When they were asked to write down as many of the statements as possible, they only remembered a quarter of them. But when Sparrow prompted them with vague identifiers (such as, “What folder was the statement about the ostrich saved in?”), they remembered the location of half of the statements. Sparrow writes, “This is preliminary evidence that when people expect information to remain continuously available (such as we expect with Internet access), we are more likely to remember where to find it than we are to remember the details of the item.”
Of course, this is merely an extreme version of what goes on in our usual social connections. In relationships and workplaces, no single person feels the need to know and remember everything because we can rely on others to fill in the gaps where necessary. We store information through our social connections as well as in our brains. The same thing happens with reference books. I may not remember all the facts and stories in my book shelf but I’ve got a good idea of where to find any particular titbit. The Internet is the same type of external memory, writ large.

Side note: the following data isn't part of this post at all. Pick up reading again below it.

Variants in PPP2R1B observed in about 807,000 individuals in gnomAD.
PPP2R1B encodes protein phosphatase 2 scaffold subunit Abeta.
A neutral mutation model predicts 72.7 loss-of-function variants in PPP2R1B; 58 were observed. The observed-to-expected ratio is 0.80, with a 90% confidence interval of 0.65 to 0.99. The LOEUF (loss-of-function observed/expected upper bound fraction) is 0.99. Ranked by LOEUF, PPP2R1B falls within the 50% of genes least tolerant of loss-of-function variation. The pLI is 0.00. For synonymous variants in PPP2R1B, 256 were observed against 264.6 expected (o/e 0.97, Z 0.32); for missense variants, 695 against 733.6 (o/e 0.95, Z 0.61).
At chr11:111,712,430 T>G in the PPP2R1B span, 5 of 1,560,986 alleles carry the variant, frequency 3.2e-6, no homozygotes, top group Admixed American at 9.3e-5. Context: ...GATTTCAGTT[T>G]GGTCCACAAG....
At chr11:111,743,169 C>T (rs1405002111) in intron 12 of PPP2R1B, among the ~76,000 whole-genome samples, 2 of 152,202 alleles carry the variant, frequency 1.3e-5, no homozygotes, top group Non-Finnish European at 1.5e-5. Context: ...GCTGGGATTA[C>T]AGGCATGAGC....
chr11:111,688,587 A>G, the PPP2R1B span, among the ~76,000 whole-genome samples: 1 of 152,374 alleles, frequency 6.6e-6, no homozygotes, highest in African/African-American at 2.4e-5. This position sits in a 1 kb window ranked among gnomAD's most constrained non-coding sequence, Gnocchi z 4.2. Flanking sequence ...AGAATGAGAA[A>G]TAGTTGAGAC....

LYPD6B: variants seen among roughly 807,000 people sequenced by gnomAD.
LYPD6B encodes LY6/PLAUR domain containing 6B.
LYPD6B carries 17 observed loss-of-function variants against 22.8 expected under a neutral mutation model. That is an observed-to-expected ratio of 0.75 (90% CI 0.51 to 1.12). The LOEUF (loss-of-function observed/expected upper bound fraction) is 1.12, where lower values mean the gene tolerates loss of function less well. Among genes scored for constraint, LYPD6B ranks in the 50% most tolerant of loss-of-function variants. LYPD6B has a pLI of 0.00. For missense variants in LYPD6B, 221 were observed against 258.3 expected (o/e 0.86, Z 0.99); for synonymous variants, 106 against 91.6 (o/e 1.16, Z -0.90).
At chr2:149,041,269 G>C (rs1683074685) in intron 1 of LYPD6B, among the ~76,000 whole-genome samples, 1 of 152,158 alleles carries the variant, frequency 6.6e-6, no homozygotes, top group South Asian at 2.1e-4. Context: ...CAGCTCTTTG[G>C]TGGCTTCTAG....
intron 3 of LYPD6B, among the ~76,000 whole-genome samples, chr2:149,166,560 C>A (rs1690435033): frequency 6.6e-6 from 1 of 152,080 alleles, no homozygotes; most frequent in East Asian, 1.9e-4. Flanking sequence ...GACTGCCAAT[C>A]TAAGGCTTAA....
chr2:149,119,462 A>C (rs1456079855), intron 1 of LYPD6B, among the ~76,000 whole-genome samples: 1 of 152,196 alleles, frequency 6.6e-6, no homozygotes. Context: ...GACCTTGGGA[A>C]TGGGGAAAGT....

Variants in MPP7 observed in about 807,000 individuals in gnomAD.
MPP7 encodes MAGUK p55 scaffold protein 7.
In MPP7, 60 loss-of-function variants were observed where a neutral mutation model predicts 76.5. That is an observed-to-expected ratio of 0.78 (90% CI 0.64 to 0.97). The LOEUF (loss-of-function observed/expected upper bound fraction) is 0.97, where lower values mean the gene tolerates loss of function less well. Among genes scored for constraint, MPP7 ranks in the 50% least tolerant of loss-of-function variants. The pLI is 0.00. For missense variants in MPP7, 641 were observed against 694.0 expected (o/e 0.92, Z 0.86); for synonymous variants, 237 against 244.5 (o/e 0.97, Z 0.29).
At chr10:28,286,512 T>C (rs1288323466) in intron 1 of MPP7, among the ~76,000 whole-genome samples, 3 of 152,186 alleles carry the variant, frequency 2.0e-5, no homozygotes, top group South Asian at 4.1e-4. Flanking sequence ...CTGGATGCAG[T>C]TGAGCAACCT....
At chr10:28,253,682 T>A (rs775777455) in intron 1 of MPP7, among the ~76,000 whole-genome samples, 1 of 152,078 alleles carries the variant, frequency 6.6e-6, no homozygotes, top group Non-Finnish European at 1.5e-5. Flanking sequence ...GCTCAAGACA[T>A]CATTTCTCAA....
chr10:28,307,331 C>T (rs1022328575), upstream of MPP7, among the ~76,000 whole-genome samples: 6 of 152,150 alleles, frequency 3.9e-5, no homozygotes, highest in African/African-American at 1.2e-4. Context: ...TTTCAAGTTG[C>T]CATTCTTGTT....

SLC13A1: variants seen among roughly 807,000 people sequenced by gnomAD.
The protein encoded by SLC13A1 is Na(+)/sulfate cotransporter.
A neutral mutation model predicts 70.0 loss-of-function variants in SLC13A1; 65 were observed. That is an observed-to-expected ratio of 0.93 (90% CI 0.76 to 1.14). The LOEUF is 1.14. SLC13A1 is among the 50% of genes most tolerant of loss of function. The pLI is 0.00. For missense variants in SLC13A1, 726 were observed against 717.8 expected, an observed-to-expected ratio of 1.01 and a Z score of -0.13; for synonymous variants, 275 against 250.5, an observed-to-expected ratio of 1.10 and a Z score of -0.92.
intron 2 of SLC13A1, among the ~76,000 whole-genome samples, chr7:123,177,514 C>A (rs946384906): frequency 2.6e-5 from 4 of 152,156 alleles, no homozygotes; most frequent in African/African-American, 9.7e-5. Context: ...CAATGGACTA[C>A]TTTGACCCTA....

Sparrow sums it up best: “[Our] results suggest that processes of human memory are adapting to the advent of new computing and communication technology. Just as we learn through transactive memory who knows what in our families and offices, we are learning what the computer “knows” and when we should attend to where we have stored information in our computer-based memories. We are becoming symbiotic with our computer tools, growing into interconnected systems that remember less by knowing information than by knowing where the information can be found.”